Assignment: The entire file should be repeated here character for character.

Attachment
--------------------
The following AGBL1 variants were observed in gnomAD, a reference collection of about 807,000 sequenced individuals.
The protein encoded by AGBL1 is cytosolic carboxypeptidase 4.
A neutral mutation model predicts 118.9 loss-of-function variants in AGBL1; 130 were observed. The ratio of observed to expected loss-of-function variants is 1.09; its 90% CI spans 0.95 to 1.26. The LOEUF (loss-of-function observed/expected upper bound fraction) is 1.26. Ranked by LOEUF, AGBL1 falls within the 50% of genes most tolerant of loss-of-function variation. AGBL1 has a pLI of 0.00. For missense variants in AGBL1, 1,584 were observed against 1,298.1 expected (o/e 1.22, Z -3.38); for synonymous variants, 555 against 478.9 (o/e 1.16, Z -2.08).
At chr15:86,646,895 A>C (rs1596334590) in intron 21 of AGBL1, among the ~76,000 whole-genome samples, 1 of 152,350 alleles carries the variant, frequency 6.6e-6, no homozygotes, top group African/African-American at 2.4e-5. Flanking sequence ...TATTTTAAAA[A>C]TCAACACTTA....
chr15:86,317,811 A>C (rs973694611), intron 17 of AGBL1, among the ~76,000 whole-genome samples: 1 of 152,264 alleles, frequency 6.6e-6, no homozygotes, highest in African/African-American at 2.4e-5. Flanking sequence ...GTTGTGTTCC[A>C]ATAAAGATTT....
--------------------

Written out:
The following AGBL1 variants were observed in gnomAD, a reference collection of about 807,000 sequenced individuals.
The protein encoded by AGBL1 is cytosolic carboxypeptidase 4.
A neutral mutation model predicts 118.9 loss-of-function variants in AGBL1; 130 were observed. The ratio of observed to expected loss-of-function variants is 1.09; its 90% CI spans 0.95 to 1.26. The LOEUF (loss-of-function observed/expected upper bound fraction) is 1.26. Ranked by LOEUF, AGBL1 falls within the 50% of genes most tolerant of loss-of-function variation. AGBL1 has a pLI of 0.00. For missense variants in AGBL1, 1,584 were observed against 1,298.1 expected (o/e 1.22, Z -3.38); for synonymous variants, 555 against 478.9 (o/e 1.16, Z -2.08).
At chr15:86,646,895 A>C (rs1596334590) in intron 21 of AGBL1, among the ~76,000 whole-genome samples, 1 of 152,350 alleles carries the variant, frequency 6.6e-6, no homozygotes, top group African/African-American at 2.4e-5. Flanking sequence ...TATTTTAAAA[A>C]TCAACACTTA....
chr15:86,317,811 A>C (rs973694611), intron 17 of AGBL1, among the ~76,000 whole-genome samples: 1 of 152,264 alleles, frequency 6.6e-6, no homozygotes, highest in African/African-American at 2.4e-5. Flanking sequence ...GTTGTGTTCC[A>C]ATAAAGATTT....